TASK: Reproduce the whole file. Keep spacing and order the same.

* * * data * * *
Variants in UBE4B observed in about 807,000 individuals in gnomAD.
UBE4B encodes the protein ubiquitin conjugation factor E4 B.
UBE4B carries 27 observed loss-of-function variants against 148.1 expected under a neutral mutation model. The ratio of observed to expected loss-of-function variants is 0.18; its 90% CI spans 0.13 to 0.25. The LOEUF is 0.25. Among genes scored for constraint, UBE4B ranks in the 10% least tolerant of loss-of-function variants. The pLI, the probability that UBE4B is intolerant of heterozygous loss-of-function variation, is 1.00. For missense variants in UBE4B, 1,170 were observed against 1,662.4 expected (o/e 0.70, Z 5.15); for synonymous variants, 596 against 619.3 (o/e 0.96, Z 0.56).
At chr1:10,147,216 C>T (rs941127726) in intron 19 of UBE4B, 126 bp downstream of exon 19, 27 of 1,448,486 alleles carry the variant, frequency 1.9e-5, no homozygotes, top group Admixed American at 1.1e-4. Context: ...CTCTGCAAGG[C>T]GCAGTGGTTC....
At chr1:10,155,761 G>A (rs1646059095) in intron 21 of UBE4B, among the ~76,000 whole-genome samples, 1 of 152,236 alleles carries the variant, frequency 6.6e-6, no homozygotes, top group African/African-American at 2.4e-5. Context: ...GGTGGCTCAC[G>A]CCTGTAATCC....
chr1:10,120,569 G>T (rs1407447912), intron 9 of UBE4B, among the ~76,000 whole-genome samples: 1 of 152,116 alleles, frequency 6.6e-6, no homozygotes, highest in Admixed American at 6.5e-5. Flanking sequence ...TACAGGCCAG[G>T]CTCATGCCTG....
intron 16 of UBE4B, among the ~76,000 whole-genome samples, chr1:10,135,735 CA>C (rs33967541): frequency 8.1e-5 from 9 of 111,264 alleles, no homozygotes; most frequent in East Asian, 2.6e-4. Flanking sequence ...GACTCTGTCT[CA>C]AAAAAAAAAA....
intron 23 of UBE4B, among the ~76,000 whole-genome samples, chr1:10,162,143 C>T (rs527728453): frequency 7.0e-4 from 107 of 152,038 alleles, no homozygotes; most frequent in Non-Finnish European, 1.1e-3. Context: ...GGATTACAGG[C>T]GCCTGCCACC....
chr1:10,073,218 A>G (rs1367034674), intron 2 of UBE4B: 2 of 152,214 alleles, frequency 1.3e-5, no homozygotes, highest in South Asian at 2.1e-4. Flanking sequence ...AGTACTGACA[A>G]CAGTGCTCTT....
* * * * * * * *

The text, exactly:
Variants in UBE4B observed in about 807,000 individuals in gnomAD.
UBE4B encodes the protein ubiquitin conjugation factor E4 B.
UBE4B carries 27 observed loss-of-function variants against 148.1 expected under a neutral mutation model. The ratio of observed to expected loss-of-function variants is 0.18; its 90% CI spans 0.13 to 0.25. The LOEUF is 0.25. Among genes scored for constraint, UBE4B ranks in the 10% least tolerant of loss-of-function variants. The pLI, the probability that UBE4B is intolerant of heterozygous loss-of-function variation, is 1.00. For missense variants in UBE4B, 1,170 were observed against 1,662.4 expected (o/e 0.70, Z 5.15); for synonymous variants, 596 against 619.3 (o/e 0.96, Z 0.56).
At chr1:10,147,216 C>T (rs941127726) in intron 19 of UBE4B, 126 bp downstream of exon 19, 27 of 1,448,486 alleles carry the variant, frequency 1.9e-5, no homozygotes, top group Admixed American at 1.1e-4. Context: ...CTCTGCAAGG[C>T]GCAGTGGTTC....
At chr1:10,155,761 G>A (rs1646059095) in intron 21 of UBE4B, among the ~76,000 whole-genome samples, 1 of 152,236 alleles carries the variant, frequency 6.6e-6, no homozygotes, top group African/African-American at 2.4e-5. Context: ...GGTGGCTCAC[G>A]CCTGTAATCC....
chr1:10,120,569 G>T (rs1407447912), intron 9 of UBE4B, among the ~76,000 whole-genome samples: 1 of 152,116 alleles, frequency 6.6e-6, no homozygotes, highest in Admixed American at 6.5e-5. Flanking sequence ...TACAGGCCAG[G>T]CTCATGCCTG....
intron 16 of UBE4B, among the ~76,000 whole-genome samples, chr1:10,135,735 CA>C (rs33967541): frequency 8.1e-5 from 9 of 111,264 alleles, no homozygotes; most frequent in East Asian, 2.6e-4. Flanking sequence ...GACTCTGTCT[CA>C]AAAAAAAAAA....
intron 23 of UBE4B, among the ~76,000 whole-genome samples, chr1:10,162,143 C>T (rs527728453): frequency 7.0e-4 from 107 of 152,038 alleles, no homozygotes; most frequent in Non-Finnish European, 1.1e-3. Context: ...GGATTACAGG[C>T]GCCTGCCACC....
chr1:10,073,218 A>G (rs1367034674), intron 2 of UBE4B: 2 of 152,214 alleles, frequency 1.3e-5, no homozygotes, highest in South Asian at 2.1e-4. Flanking sequence ...AGTACTGACA[A>G]CAGTGCTCTT....